Modelling the interactions between fishery and stock dynamics as well as the economic fishery importance on a highly spatial disaggregated scale like in DISPLACE, is useful in context of broader spatial planning, marine management, and stakeholder involvement.
It is important to develop supporting tools for impact evaluations that can inform all parties (scientists, stakeholders, and managers) on the overall fishing sector dynamics on a highly disaggregated scale to develop a collective understanding and common discussion platform based on quantitative predictions of impacts and beneficial/detrimental effects of any new spatial marine planning project . As such, the DISPLACE model can be used to obtain further information on fishermen behaviour with direct input from stakeholders (e.g., here).
Such an approach should foster management choices to be based on a more objective and transparent basis and on actual feedback from the stakeholders when they react to spatial planning. More participatory management requires quantitative support and a common platform for input that will likely promote good fishing practices and achieve better compliance with the regulations and where stakeholders can feel more engaged in the ecosystem-based fisheries management decision process (also advocated here).
The goal is to also inform managers with quantitative supports about the potential gain of spatial regulations against the cost for displacement when fishermen loose access to valuable fishing grounds and/or have to travel more to go fishing from their home harbour to make a living out of the catches.
Multi-sectoral and multi-disciplinary marine spatial planning methods are prevailing in the EU Marine Strategy Framework Directive. Such integrated marine management needs to consider the commercial fishery and all other sector uses of the sea, such as transport, energy exploitation and recreational use.
Consequently, each of these pressures on the marine ecosystem needs to be mapped.
Mapping of the 2005 Danish landing value (left: Cod; right: Nephrops, click on images to see animations per year-quarter) over the North Sea and the Baltic Sea for VMS-equipped fishing vessels. (Source: here)
Simultaneously, the EU Common Fisheries Policy recently recognized the importance of accounting for heterogeneity in fishing practices from different fleets for managing
commercial fisheries. It was acknowledged that a shift should take place from managing individual fish stocks towards managing fleets, mixed fisheries, and economic issues.
Fine-grained VMS data enable obvious improvements to describe used areas and spatial fishing pressure with higher resolution than the ICES rectangles. Hence, the linkage of VMS with logbooks constitutes very valuable information for mapping the spatio-temporal heterogeneity of landings and economically important fishing grounds to act as the basis for management decisions and designation of priorities areas.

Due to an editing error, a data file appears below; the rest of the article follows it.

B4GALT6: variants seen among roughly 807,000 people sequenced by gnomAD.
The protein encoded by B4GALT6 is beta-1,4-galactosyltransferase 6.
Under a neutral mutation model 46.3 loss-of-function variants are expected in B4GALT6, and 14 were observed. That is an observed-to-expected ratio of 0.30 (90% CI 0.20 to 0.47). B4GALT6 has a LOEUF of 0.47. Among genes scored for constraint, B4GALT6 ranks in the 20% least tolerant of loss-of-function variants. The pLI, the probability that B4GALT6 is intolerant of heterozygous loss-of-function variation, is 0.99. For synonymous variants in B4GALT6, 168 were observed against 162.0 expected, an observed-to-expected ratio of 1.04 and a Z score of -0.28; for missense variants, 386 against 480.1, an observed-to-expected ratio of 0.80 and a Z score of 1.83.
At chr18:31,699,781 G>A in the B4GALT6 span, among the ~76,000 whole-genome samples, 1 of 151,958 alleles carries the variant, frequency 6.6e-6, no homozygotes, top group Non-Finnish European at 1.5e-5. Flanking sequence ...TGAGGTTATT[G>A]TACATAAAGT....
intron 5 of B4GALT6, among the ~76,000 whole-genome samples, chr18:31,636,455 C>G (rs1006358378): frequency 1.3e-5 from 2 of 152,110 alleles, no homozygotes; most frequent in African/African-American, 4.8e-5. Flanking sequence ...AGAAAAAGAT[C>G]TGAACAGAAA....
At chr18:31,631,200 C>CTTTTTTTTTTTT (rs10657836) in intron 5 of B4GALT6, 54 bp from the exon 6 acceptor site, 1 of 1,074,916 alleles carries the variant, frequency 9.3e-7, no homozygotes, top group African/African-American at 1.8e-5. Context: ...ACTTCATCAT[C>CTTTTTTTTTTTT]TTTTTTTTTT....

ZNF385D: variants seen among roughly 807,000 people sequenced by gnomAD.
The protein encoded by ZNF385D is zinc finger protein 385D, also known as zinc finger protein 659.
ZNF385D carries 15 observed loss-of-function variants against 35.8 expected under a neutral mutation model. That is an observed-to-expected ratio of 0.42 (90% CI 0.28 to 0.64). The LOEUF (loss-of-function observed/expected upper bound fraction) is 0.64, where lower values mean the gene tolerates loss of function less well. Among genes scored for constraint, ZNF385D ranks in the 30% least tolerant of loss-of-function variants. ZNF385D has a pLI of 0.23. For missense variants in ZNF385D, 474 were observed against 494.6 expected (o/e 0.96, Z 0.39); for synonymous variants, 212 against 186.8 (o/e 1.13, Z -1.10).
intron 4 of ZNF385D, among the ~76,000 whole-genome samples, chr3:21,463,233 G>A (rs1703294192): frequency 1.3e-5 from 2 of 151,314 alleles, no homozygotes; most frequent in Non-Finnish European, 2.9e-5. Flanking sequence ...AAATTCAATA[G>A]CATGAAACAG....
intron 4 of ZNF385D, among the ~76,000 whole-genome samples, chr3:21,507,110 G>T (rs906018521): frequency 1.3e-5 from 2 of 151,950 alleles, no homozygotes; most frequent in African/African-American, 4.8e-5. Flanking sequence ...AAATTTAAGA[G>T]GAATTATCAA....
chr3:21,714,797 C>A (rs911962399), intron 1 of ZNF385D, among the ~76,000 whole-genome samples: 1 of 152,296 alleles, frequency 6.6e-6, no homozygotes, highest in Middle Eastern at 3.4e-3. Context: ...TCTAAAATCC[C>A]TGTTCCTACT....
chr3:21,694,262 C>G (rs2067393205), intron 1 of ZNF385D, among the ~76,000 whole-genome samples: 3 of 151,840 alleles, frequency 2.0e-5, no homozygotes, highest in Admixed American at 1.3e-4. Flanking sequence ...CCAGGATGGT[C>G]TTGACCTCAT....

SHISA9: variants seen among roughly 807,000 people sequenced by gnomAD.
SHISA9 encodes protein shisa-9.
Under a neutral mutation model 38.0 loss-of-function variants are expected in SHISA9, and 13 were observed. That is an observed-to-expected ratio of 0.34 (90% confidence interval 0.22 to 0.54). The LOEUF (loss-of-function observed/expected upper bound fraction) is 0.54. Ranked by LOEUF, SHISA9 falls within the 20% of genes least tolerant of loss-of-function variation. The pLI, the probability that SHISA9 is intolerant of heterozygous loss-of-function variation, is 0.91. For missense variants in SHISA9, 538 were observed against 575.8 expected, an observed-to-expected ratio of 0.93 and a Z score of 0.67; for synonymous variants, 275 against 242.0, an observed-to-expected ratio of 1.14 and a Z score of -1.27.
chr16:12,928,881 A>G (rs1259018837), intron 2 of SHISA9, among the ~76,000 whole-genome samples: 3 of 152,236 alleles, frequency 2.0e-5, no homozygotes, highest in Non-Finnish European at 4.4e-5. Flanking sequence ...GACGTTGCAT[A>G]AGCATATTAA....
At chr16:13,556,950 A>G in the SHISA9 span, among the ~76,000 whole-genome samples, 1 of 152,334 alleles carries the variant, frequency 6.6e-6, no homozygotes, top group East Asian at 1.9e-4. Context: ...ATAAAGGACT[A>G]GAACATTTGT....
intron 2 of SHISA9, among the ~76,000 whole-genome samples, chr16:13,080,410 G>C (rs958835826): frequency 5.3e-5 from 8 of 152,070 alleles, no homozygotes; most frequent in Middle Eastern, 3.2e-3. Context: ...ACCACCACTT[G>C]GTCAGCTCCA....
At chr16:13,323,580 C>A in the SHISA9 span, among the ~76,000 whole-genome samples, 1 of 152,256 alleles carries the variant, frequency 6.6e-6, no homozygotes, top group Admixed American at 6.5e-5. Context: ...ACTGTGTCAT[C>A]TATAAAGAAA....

These maps can be used directly for conditioning the DISPLACE model and inform area-based management performing strategy evaluation and scenario modelling of different management options associated with, for example, the establishment of spatial regulated areas and displacement of fishing effort in relation to ecosystem conditions (sensitive habitats), variability in fish stock occurrence and other uses of the sea.
An on-going work is to apply and downscale the DISPLACE model to the commercially important and busy Western Baltic marine area where several utilisations of the sea currently coexist. In line with this it is evaluated to which extent the international plans for offshore windmill parks in the Baltic area are affecting the fishing opportunities per activity and fishing communities in the vicinity of the planned windmill sites.
Hence, preliminary data mining shows that the planned offshore windmill parks in the area do not really interfere with important fishing grounds for the Danish fisheries. A notable exception is the large ‘Kriegers Flak’ site (where turbines will be shared between Denmark, Germany and ultimately, Sweden). A windmill farm here will impact important existing fishing grounds.Two indices of spatial use by the Danish vessels (>12m) visiting the Kattegat and the Baltic Sea in 2012, (a) revenue of the vessel visiting the cells over the total revenue, and (b) revenue realized on the cells by the visiting vessels over the total revenue of the same vessels. The gradient colour shows low (blue) up to high (red) index values. The planned (from 2013) windmill parks given in purple polygons (Source: compiled by DTU-Aqua)
Indices of activity (margin figure) reveal that this area is not really an important area in terms of total revenue at the scale of the entire Danish fisheries because not visited by “big players”. By contrast the area is important for a large portion of vessels (likely conducting small scale fisheries) which realise a significant portion of their total 2012 revenue in the designated area. Accordingly, it will impact many fishing businesses and the local societies. If this impact leads to major disruption of the fishing activities and/or major consequences on the population dynamics should be further investigated by modelling applying the DISPLACE model.
The evaluation intends to cover the implications in terms of individual profitability, and also in terms of the sustainability of the exploitation of the main commercial stocks in the area (i.e. sprat, herring, cod and flatfish) and possibly the likely effect on the benthic communities from redirected bottom-disturbing activities. Integration of the Swedish and German vessels (also operating in the area) on top of the Danish ones is also planned to expand the impact evaluation.